• What to Do? If you just cannot possibly stand the look of leaves, sticks, galls, and seedheads in your garden, remove them thoughtfully and carefully. Preserve their integrity and perhaps stow them in an area not within view. Make a bee hotel (many of our hundreds of native bee species overwinter in just this  type of debris). Or just give them to ‘that’ neighbor – we all have ‘that’ neighbor don’t we? They will know just what to do with them. Composting these may be an option for you as well.
  • Wait.
    • Why? When is best to clean up the garden if you are not supposed to do it in the fall? The Spring! This is definitely a patience challenge for some of us. But waiting until the buds start to swell on the trees (typically after a few 50-degree nights) indicates that it is warm enough that many of these animals have hatched or emerged and can fend for themselves and feed the birds around.
Goldenrod Gall

A Goldenrod Gall may look like something to remove in the garden but in fact it can contain a delicious winter snack for a bird.

Fall Garden To-Don’ts

  • Don’t worry about what your neighbors will say
    • Why? Why Not?
    • What To Do? Share this information with them! Unless they are ‘that’ neighbor- then they know it already. They like butterflies and birds don’t they?
  • Don’t Mulch the leaves
    • Why? Shredded caterpillars
    • What To Do? If you do not want to leave the leaves, rake them into piles and place them where they will be least obtrusive. They will still provide habitat for those insects. Grinding them in the spring and then using them as mulch is a great idea.
  • Don’t Remove the galls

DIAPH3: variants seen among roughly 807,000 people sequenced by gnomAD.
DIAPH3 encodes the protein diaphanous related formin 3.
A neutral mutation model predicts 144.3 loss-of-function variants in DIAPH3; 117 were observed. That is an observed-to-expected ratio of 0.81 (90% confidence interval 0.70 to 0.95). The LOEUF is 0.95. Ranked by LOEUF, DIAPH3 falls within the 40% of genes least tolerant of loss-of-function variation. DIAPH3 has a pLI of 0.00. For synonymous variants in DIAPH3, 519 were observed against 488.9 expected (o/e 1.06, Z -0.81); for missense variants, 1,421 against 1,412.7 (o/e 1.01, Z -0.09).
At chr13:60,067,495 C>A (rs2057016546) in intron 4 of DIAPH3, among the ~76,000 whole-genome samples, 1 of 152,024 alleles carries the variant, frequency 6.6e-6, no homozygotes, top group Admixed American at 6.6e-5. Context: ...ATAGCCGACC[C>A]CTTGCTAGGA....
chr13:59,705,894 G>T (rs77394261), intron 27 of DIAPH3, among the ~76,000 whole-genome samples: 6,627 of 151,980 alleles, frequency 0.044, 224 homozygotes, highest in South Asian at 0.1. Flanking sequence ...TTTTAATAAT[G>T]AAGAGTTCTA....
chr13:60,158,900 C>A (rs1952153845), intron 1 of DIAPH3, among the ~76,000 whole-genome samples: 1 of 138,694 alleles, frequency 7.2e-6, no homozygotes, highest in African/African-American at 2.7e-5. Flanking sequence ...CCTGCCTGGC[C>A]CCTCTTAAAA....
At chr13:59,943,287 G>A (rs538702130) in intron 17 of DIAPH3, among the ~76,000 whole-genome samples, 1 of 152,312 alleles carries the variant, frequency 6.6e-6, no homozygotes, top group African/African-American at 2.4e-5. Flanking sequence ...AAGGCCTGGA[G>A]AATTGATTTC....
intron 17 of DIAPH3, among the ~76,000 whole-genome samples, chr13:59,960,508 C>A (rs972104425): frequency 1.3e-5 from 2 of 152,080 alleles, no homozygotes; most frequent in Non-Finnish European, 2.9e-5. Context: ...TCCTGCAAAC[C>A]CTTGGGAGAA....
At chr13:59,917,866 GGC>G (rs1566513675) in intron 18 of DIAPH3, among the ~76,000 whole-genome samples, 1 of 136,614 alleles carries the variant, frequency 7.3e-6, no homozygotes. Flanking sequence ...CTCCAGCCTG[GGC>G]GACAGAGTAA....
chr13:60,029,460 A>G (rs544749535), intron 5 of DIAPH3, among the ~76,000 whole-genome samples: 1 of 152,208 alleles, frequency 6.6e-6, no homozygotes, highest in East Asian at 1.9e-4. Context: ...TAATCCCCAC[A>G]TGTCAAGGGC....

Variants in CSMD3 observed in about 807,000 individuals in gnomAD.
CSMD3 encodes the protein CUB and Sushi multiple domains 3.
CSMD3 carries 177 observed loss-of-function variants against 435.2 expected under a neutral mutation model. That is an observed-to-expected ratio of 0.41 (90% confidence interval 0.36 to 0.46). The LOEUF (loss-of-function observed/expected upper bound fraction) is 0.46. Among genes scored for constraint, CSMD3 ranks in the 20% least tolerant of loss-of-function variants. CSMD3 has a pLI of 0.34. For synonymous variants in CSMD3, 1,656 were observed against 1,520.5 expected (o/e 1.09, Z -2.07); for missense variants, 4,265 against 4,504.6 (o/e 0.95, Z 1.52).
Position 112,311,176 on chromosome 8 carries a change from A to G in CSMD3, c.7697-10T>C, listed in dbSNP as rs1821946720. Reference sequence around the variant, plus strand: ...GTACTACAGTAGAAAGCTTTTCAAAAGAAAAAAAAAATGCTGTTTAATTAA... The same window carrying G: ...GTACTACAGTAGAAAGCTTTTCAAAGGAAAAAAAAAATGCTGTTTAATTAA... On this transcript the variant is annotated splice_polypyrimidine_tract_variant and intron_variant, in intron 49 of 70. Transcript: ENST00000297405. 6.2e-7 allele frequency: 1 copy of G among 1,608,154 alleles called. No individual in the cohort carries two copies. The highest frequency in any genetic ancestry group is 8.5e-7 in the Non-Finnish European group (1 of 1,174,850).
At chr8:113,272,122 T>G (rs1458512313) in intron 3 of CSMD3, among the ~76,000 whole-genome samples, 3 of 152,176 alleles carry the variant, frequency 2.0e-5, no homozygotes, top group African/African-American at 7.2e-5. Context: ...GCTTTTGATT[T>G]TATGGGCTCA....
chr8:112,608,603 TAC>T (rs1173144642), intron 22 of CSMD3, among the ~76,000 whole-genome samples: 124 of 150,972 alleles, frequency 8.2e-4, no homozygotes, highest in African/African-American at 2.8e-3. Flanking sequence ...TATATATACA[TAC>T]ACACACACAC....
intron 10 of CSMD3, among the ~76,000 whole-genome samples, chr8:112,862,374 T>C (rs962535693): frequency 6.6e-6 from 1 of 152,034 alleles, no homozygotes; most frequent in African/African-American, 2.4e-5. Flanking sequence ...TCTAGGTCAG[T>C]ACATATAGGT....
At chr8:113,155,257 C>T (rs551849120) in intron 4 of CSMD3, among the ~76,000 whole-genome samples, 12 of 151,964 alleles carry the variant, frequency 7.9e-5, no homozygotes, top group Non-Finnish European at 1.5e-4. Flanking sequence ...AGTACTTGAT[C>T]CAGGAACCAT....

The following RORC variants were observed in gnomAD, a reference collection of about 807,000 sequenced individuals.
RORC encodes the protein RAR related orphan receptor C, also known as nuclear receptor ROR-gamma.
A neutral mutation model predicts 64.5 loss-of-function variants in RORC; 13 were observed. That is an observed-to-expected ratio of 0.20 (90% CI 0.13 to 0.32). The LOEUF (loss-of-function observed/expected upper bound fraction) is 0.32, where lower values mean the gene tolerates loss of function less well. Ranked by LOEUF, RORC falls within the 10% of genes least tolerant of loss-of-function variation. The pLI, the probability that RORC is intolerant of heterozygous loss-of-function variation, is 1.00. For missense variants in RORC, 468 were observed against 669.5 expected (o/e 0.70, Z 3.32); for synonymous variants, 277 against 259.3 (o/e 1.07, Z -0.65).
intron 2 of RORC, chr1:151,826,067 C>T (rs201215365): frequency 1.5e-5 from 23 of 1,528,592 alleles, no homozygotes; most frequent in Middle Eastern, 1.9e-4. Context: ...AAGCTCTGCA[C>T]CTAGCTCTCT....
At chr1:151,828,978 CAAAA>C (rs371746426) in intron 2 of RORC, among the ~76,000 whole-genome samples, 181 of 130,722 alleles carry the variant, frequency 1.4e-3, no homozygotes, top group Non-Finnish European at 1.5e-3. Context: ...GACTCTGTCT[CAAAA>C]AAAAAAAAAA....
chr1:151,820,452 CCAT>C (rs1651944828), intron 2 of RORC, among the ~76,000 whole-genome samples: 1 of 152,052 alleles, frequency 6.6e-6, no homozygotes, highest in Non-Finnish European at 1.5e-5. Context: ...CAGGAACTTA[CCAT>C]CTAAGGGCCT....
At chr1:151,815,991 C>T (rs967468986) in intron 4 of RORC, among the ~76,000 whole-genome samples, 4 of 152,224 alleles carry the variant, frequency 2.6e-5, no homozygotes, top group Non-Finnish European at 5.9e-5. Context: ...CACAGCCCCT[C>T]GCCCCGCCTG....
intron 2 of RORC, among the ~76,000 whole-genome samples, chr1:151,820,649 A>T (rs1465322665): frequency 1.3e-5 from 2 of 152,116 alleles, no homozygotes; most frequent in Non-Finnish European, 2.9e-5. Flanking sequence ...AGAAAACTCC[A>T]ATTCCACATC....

• Why? These are filled with insect larva in a protective covering. Birds will dive into these as other food sources become more scarce.  If you are looking for galls – look at your goldenrods first, they are likely to have them. So when you are doing your minimal fall clean up looking for infestations and diseases, so not count this among the ones to dispose of.
    • What To Do? Don’t worry if the birds never find your galls. The insects inside are harmless.
  • Don’t aim for pristine
    • Why? Productive and useful is better than clean and pristine in this case. You likely have planted native plants in your landscape. Why? For their beauty and hopefully for their habitat value. This value goes beyond their spring summer and autumn displays. Their value is in more than their flowers. The leaves and stems and seeds also contribute to the success of an ecosystem.
  • Don’t Forget to Make Notes and Plan for next year
    • Why? Observing the garden in this time of the year can show you what you are missing in the way of providing for wildlife. Do you have seedheads? Do you have hollow stems? Do you have stiff stalks?
    • What To Do? Plan your spring shopping list accordingly. When buying plants look for plants that will provide well into the winter.




  1. […] course leaving your perennial seedheads to stand also can be used for thickets as well.  And don’t forget those grasses. Including a […]

  2. […] the existing plants, but cover the soil. These plants do not have to be evergreen, their roots and proper timing for a garden clean up, will keep the soil in place even in the […]

  3. […] Downy Wood Mint is a 1-2′ tall clump forming perennial that, like most members of the mint family, will support a wide variety of beneficial insects. Blooming for nearly a month, tolerant of part shade to full sun and most soil types, and deer resistant. Stiff, square stems and leaves covered with fine white hairs give this plant its common name. This plant’s differences from its family members do not stop at being well-behaved in the garden; this plant’s leaves and stems lack the strong fragrance typically associated with mint family members. Persistent seed heads and evergreen basal foliage last through winter giving this plant multiple seasons of interest if you remember not to cut everything back in the fall. […]